Chai: Most of the guys don’t. But some only like farangs over forty. They don’t feel the same warmth with young men.

Torn: The ones I like usually speak fluent Thai, and don’t like bars.

JP: Oh. And you, Chai?

Chai: I just think of the money and it works!

Anu: Chai’s lucky. No emotional conflicts.




JP: Are there any positive points about this work?

Chai: For me, the funny things make it bearable. A guy took me to his hotel room. He had a valise full of make-up and women’s clothing. He had me dress up. Imagine me in drag? Ha! He spent the whole night cooing about how beautiful I was. Otherwise, he didn’t touch me. And he gave me three thousand baht. An easy trick. I described the dresses to my wife. She said they sounded dreadful.

Anu: The first two years are fun. I was young, fresh and popular. I got taken out almost every night. Customers bought me gifts. I felt really desirable.

JP: Why don’t you find other work?

Anu: Once you do this for about six months, you’re trapped. We become used to the money. And we can never save any. It comes too easily.

JP: Anu, where have you been, aside from Taiwan?

Anu: Macao and Belgium.

JP: What did you do?

Anu:. I did this type of work. My customers were Thai women who worked in bars there. They were lonely for Thai men. I only stayed a month.



JP: Why?

Anu: Because I’m not attracted to women and they were neurotic. Too many hassles.

JP: (to Chai) How does your wife feel about you doing this?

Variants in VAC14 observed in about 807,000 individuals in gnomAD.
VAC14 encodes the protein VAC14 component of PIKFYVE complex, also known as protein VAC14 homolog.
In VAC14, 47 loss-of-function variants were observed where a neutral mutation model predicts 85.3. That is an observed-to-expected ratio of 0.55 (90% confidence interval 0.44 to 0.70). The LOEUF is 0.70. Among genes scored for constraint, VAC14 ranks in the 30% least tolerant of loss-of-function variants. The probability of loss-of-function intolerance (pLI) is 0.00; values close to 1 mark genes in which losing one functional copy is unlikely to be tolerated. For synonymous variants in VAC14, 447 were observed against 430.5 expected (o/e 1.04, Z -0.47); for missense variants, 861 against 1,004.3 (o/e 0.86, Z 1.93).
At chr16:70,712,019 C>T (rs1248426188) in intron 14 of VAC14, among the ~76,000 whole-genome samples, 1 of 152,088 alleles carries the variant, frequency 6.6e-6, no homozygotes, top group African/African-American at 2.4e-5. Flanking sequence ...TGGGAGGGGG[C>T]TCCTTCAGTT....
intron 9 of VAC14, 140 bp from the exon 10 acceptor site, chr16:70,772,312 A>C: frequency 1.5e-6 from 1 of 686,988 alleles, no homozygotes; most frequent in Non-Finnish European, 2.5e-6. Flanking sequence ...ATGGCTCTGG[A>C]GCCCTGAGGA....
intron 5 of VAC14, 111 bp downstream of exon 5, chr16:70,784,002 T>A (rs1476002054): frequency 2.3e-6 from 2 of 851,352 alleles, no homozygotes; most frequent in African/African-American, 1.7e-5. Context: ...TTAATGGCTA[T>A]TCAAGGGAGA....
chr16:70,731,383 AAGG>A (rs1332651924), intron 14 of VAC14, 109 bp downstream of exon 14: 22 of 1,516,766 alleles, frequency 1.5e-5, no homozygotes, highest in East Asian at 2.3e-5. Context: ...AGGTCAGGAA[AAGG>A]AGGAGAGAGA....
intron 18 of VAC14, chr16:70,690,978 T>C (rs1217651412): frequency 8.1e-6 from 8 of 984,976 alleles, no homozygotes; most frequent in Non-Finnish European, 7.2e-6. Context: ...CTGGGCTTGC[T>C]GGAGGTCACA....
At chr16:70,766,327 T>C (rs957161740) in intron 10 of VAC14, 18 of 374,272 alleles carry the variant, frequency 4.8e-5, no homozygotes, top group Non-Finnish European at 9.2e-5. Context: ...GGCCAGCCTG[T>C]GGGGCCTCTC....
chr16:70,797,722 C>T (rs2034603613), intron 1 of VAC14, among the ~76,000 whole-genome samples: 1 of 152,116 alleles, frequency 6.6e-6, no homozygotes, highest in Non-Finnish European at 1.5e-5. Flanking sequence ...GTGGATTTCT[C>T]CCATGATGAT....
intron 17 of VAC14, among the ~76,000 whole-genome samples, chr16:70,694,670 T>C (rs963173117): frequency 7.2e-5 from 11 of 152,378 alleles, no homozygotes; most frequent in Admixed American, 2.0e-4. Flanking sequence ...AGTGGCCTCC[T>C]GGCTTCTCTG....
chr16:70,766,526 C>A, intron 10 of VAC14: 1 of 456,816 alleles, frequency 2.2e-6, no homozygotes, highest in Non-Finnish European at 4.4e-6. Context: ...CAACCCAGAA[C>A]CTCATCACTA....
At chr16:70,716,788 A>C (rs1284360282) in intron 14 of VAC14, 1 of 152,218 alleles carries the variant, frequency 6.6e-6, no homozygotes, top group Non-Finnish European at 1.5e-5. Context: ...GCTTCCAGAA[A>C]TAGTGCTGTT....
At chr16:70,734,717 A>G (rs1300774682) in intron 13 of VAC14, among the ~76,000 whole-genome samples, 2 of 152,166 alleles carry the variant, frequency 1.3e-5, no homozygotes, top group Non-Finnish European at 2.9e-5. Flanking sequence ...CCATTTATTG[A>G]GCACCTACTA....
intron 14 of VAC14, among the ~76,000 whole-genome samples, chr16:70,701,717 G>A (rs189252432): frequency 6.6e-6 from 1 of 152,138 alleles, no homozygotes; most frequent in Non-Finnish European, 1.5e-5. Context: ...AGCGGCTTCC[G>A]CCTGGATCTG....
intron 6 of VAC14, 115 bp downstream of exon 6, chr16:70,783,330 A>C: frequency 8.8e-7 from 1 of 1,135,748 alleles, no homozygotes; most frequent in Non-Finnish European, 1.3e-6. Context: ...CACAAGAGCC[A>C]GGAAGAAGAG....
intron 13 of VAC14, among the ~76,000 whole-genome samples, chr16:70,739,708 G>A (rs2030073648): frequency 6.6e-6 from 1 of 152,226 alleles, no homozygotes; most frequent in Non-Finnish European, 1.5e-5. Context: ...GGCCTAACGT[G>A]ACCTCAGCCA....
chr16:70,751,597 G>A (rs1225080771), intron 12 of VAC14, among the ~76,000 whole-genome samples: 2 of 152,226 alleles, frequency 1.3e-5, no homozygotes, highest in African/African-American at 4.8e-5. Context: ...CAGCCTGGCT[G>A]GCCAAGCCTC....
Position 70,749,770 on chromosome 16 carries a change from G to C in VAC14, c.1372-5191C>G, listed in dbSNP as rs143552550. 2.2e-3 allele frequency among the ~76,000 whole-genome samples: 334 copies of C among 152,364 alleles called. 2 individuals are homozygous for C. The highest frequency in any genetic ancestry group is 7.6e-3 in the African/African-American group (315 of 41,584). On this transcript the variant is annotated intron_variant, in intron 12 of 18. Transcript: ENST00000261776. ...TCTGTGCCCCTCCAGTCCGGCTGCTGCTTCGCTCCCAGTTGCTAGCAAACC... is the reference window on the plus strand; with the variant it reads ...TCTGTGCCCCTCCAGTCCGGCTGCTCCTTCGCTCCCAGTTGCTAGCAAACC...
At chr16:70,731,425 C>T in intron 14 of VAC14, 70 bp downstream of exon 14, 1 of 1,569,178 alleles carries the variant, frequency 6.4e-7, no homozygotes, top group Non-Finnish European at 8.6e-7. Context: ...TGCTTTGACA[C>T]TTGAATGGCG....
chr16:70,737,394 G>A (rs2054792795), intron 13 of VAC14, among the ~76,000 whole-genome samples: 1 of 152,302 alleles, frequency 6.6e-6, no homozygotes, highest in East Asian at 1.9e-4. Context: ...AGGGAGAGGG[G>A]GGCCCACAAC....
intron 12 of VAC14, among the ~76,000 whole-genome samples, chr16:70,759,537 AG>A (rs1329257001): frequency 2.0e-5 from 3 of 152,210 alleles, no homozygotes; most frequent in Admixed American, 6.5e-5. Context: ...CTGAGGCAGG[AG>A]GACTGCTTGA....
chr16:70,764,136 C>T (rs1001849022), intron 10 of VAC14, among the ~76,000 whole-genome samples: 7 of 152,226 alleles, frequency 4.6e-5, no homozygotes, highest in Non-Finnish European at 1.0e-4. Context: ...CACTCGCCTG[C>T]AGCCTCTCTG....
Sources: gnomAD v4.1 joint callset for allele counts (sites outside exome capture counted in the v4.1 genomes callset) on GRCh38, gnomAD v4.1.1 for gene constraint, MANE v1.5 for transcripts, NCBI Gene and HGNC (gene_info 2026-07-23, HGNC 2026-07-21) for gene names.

Chai: (Laughs) She was the one who told me to do it! She works in a bar herself. She just asks me not to go with women. We hope to save enough to start a business.

JP: Do your families know you do this?

Torn, Chai: No.

Anu: My mother pretends she doesn’t know. My brother is a real bastard. He called me names. I pointed out I was the one who had paid for his education and marriage by selling myself. I told him if he didn’t like it, to leech off someone else!

JP: What’s the most difficult thing in your work?

Torn: Weirdos!

Anu: A lot of Western men are kinky and want us to do things we find distasteful.



JP: May I ask what?

Anu: Usually sado-masochism and other things. I’m not in to giving and receiving physical pain. And the other things? Think about it. Yuegh!

JP: Do you have any future hopes?

Anu: A man from France comes here every year on his vacation and always spends it with me. I’m not in love with him. He’s not my type. But I like him as a friend. He promises that he will take me to France to live with him. But it hasn’t happened yet.

JP: How long have you known him?

Anu: (Smiles ruefully) Seven years.

Torn: Anu, you’re a pessimist. I do this because I want experience. Friendly customers are okay. It’s better than loading rice barges.

Chai: Yeah, and I’ve had customers help out my family!

JP:. I’m sorry for taking up so much of your time.

All: That’s okay. There are no customers.

JP: When we publish articles we usually have an illustration. How would you like it to be?

Anu: Maybe you shouldn’t make it look as if we’re all happy.



JP: Why?

Anu: Chai’s not gay and Torn’s still young. I’m thirty and don’t have as many customers as before. I had a Thai lover for three years, but we separated. I was too old for him. Most gay men like younger people. After our looks go, it’s difficult to find customers or life partners. I’ll not have children, and what would I do at home? The future seems lonely.

Torn: (his face is bleak) Why did you have to mention that?

JP: I’ll try with the illustration.

Anu: Thank-you.

JP: Thank you.

Torn: Come back and talk again.

JP: You want to talk to a farang?

Torn You’re not a farang. You’re Thai. Wanna ride home? I’ve got a large motorcycle with a small seat.

JP: (JP actually blushes).